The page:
Art in Roundabouts: Great Placemaking or Added Danger?
An Ordinance Grey Area
How does your municipality address fixed objects and landscaping in the center of a roundabout? Many cities are seeing roundabout islands as a great opportunity to add local art installations, placards, or the ubiquitous “Welcome to…” signage. Some even have a guided driving tour! Adding an element of placemaking can help bring in business and revitalize neighborhoods. But, there are some safety concerns to be addressed.
Both Sides of the Coin
Placing objects such as street art or trees and shrubs in a roundabout island do increase its visibility. Breaking the sightline through the intersection helps drivers identify the intersection as a roundabout, especially at nighttime.
Inevitably, though, a drunk or distracted driver is going to cross through the center island. This roundabout island was designed to eliminate a head-on collision with a vertical wall, but acted as a ramp that resulted in a drunk driving fatality. The beauty of a roundabout is that is eliminates many of the vehicular contact points that are more likely to result in a fatality. But what about the island art or landscape? Should it be designed to break away in the event of a collision?
Logically, there must be different consideration for high-speed, arterial-class intersections and low-
speed urban-class intersections.
The MUTCD and FHWA only reference landscaping and hardscape elements in a general way. In FHWA’s publication “Roundabouts: An Informational Guide” landscaping is encouraged in some ways and limited in others:
- Make the central island more conspicuous;
- Improve the aesthetics of the area while complementing surrounding streetscapes as much as possible;
- Clearly indicate to the driver that they cannot pass straight through the intersection; and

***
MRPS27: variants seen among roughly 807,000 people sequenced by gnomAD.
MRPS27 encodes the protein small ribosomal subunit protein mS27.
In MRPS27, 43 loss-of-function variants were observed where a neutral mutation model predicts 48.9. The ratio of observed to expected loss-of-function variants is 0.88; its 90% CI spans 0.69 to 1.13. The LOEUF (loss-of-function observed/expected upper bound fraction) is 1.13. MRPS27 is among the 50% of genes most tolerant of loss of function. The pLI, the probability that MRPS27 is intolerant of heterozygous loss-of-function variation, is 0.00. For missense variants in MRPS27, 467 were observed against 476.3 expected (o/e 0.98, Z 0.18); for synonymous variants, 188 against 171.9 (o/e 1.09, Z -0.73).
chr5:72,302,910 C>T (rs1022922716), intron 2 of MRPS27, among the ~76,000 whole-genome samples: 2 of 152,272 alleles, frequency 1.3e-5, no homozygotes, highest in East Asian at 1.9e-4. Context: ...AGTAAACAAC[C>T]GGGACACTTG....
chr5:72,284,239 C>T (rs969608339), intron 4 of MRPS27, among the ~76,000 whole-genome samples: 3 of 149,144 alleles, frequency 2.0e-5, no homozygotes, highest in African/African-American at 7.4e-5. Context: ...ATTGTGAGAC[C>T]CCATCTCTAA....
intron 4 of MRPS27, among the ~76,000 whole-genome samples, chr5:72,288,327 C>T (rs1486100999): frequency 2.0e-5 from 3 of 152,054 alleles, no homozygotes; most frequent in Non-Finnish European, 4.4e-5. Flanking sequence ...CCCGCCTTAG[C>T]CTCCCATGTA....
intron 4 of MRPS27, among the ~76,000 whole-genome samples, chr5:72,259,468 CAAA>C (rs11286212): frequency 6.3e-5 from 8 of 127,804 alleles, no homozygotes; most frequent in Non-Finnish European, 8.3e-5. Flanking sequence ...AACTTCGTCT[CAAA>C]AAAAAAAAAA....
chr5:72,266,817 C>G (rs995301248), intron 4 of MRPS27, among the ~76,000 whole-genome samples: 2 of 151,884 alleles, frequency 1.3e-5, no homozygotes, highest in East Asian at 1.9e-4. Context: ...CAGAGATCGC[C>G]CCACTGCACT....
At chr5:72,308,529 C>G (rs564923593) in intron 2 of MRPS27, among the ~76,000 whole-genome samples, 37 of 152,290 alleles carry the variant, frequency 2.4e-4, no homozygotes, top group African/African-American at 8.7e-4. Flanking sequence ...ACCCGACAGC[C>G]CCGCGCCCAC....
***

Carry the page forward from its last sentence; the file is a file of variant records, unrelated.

- Discourages pedestrian traffic through the central island.
- Minimize introducing hazards to the intersection, such as trees, poles, walls, guide rail, statues, or large rocks;
- Avoid obscuring the form of the roundabout or the signing to the driver; and
- Maintain adequate sight distances.
In the FHWA recommendation, roundabout improvements are limited to shrubs and groundcovers! In Harford County, Maryland they have a much more precise ordinance guiding roundabout landscaping:
“Roundabouts may be landscaped with a variety of materials and plantings, and all must be approved by Harford County. The outside 6’ of the central island is known as the Perimeter Landscape Zone. Only landscaping plantings are permitted within the Perimeter Landscape Zone, and the landscaping plantings must not exceed a height of 2’ within this zone. The height of any structure, signs, walls, large rocks, etc. shall not exceed the distance from the base of that structure to the inside edge of the 6’ wide perimeter landscape zone. The central island shall be mounded, and not exceed a grade of 6:1.”
What do you think? Has your city encountered this discussion? Should objects in central islands be forgiving to errant drivers? Or is this just another inherent risk of driving a vehicle on a public road?